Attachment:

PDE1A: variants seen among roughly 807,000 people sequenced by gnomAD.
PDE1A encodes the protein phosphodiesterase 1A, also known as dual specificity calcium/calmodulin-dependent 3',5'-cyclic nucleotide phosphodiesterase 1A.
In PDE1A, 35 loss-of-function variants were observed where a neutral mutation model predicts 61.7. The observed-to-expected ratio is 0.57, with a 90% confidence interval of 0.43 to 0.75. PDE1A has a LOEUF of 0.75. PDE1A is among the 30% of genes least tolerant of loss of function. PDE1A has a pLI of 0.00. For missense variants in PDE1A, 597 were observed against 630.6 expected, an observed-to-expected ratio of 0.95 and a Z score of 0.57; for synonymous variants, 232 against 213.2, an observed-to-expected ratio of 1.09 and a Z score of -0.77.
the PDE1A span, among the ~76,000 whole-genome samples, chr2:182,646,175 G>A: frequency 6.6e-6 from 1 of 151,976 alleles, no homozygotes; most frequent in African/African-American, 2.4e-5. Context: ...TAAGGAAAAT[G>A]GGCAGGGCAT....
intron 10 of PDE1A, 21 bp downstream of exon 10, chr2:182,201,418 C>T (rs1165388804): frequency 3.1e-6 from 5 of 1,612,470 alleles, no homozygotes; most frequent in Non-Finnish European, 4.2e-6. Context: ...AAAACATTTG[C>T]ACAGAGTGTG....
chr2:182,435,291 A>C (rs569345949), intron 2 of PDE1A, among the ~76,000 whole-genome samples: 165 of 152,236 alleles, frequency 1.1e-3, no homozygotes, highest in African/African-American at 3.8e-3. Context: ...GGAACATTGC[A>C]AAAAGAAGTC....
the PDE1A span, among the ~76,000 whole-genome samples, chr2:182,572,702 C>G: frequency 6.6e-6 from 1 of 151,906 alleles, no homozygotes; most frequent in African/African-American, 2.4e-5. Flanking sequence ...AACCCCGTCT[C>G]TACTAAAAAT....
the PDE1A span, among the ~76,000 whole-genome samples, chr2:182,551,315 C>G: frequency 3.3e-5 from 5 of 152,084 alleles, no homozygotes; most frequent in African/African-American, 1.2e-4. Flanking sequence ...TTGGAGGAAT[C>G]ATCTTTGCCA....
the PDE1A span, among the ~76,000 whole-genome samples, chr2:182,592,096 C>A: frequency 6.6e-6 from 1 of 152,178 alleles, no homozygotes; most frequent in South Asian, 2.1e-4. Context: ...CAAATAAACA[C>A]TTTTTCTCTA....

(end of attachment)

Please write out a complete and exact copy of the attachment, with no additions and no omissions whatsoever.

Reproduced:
PDE1A: variants seen among roughly 807,000 people sequenced by gnomAD.
PDE1A encodes the protein phosphodiesterase 1A, also known as dual specificity calcium/calmodulin-dependent 3',5'-cyclic nucleotide phosphodiesterase 1A.
In PDE1A, 35 loss-of-function variants were observed where a neutral mutation model predicts 61.7. The observed-to-expected ratio is 0.57, with a 90% confidence interval of 0.43 to 0.75. PDE1A has a LOEUF of 0.75. PDE1A is among the 30% of genes least tolerant of loss of function. PDE1A has a pLI of 0.00. For missense variants in PDE1A, 597 were observed against 630.6 expected, an observed-to-expected ratio of 0.95 and a Z score of 0.57; for synonymous variants, 232 against 213.2, an observed-to-expected ratio of 1.09 and a Z score of -0.77.
the PDE1A span, among the ~76,000 whole-genome samples, chr2:182,646,175 G>A: frequency 6.6e-6 from 1 of 151,976 alleles, no homozygotes; most frequent in African/African-American, 2.4e-5. Context: ...TAAGGAAAAT[G>A]GGCAGGGCAT....
intron 10 of PDE1A, 21 bp downstream of exon 10, chr2:182,201,418 C>T (rs1165388804): frequency 3.1e-6 from 5 of 1,612,470 alleles, no homozygotes; most frequent in Non-Finnish European, 4.2e-6. Context: ...AAAACATTTG[C>T]ACAGAGTGTG....
chr2:182,435,291 A>C (rs569345949), intron 2 of PDE1A, among the ~76,000 whole-genome samples: 165 of 152,236 alleles, frequency 1.1e-3, no homozygotes, highest in African/African-American at 3.8e-3. Context: ...GGAACATTGC[A>C]AAAAGAAGTC....
the PDE1A span, among the ~76,000 whole-genome samples, chr2:182,572,702 C>G: frequency 6.6e-6 from 1 of 151,906 alleles, no homozygotes; most frequent in African/African-American, 2.4e-5. Flanking sequence ...AACCCCGTCT[C>G]TACTAAAAAT....
the PDE1A span, among the ~76,000 whole-genome samples, chr2:182,551,315 C>G: frequency 3.3e-5 from 5 of 152,084 alleles, no homozygotes; most frequent in African/African-American, 1.2e-4. Flanking sequence ...TTGGAGGAAT[C>G]ATCTTTGCCA....
the PDE1A span, among the ~76,000 whole-genome samples, chr2:182,592,096 C>A: frequency 6.6e-6 from 1 of 152,178 alleles, no homozygotes; most frequent in South Asian, 2.1e-4. Context: ...CAAATAAACA[C>A]TTTTTCTCTA....